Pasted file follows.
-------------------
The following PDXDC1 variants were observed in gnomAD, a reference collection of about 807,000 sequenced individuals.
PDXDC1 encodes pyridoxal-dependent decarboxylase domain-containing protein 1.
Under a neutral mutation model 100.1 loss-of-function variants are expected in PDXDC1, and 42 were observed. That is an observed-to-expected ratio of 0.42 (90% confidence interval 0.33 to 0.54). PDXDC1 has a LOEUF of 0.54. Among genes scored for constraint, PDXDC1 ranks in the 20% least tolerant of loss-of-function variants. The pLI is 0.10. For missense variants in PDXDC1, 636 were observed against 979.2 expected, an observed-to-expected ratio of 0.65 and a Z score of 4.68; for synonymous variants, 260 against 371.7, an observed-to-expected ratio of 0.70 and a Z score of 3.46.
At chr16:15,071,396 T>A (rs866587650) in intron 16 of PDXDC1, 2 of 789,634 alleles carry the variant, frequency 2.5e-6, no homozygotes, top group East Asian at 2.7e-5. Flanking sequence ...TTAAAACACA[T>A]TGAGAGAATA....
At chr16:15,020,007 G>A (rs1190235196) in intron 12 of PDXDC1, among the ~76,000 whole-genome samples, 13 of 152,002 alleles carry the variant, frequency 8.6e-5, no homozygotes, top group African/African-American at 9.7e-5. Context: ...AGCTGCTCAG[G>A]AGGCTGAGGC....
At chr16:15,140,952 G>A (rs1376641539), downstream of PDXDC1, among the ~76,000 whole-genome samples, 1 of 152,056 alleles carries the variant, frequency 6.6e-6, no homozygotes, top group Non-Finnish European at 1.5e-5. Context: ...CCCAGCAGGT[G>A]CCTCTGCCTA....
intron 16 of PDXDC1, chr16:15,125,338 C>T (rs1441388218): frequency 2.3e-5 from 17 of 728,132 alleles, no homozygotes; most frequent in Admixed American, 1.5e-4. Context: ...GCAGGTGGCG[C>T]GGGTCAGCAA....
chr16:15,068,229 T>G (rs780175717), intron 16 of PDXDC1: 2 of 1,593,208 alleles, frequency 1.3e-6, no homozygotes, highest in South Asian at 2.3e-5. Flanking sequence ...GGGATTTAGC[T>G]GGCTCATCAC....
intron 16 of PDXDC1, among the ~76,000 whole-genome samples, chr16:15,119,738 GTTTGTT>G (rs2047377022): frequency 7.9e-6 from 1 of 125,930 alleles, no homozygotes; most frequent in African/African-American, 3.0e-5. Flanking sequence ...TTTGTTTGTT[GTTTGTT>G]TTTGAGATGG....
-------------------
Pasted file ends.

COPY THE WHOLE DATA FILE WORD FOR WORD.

The following PDXDC1 variants were observed in gnomAD, a reference collection of about 807,000 sequenced individuals.
PDXDC1 encodes pyridoxal-dependent decarboxylase domain-containing protein 1.
Under a neutral mutation model 100.1 loss-of-function variants are expected in PDXDC1, and 42 were observed. That is an observed-to-expected ratio of 0.42 (90% confidence interval 0.33 to 0.54). PDXDC1 has a LOEUF of 0.54. Among genes scored for constraint, PDXDC1 ranks in the 20% least tolerant of loss-of-function variants. The pLI is 0.10. For missense variants in PDXDC1, 636 were observed against 979.2 expected, an observed-to-expected ratio of 0.65 and a Z score of 4.68; for synonymous variants, 260 against 371.7, an observed-to-expected ratio of 0.70 and a Z score of 3.46.
At chr16:15,071,396 T>A (rs866587650) in intron 16 of PDXDC1, 2 of 789,634 alleles carry the variant, frequency 2.5e-6, no homozygotes, top group East Asian at 2.7e-5. Flanking sequence ...TTAAAACACA[T>A]TGAGAGAATA....
At chr16:15,020,007 G>A (rs1190235196) in intron 12 of PDXDC1, among the ~76,000 whole-genome samples, 13 of 152,002 alleles carry the variant, frequency 8.6e-5, no homozygotes, top group African/African-American at 9.7e-5. Context: ...AGCTGCTCAG[G>A]AGGCTGAGGC....
At chr16:15,140,952 G>A (rs1376641539), downstream of PDXDC1, among the ~76,000 whole-genome samples, 1 of 152,056 alleles carries the variant, frequency 6.6e-6, no homozygotes, top group Non-Finnish European at 1.5e-5. Context: ...CCCAGCAGGT[G>A]CCTCTGCCTA....
intron 16 of PDXDC1, chr16:15,125,338 C>T (rs1441388218): frequency 2.3e-5 from 17 of 728,132 alleles, no homozygotes; most frequent in Admixed American, 1.5e-4. Context: ...GCAGGTGGCG[C>T]GGGTCAGCAA....
chr16:15,068,229 T>G (rs780175717), intron 16 of PDXDC1: 2 of 1,593,208 alleles, frequency 1.3e-6, no homozygotes, highest in South Asian at 2.3e-5. Flanking sequence ...GGGATTTAGC[T>G]GGCTCATCAC....
intron 16 of PDXDC1, among the ~76,000 whole-genome samples, chr16:15,119,738 GTTTGTT>G (rs2047377022): frequency 7.9e-6 from 1 of 125,930 alleles, no homozygotes; most frequent in African/African-American, 3.0e-5. Flanking sequence ...TTTGTTTGTT[GTTTGTT>G]TTTGAGATGG....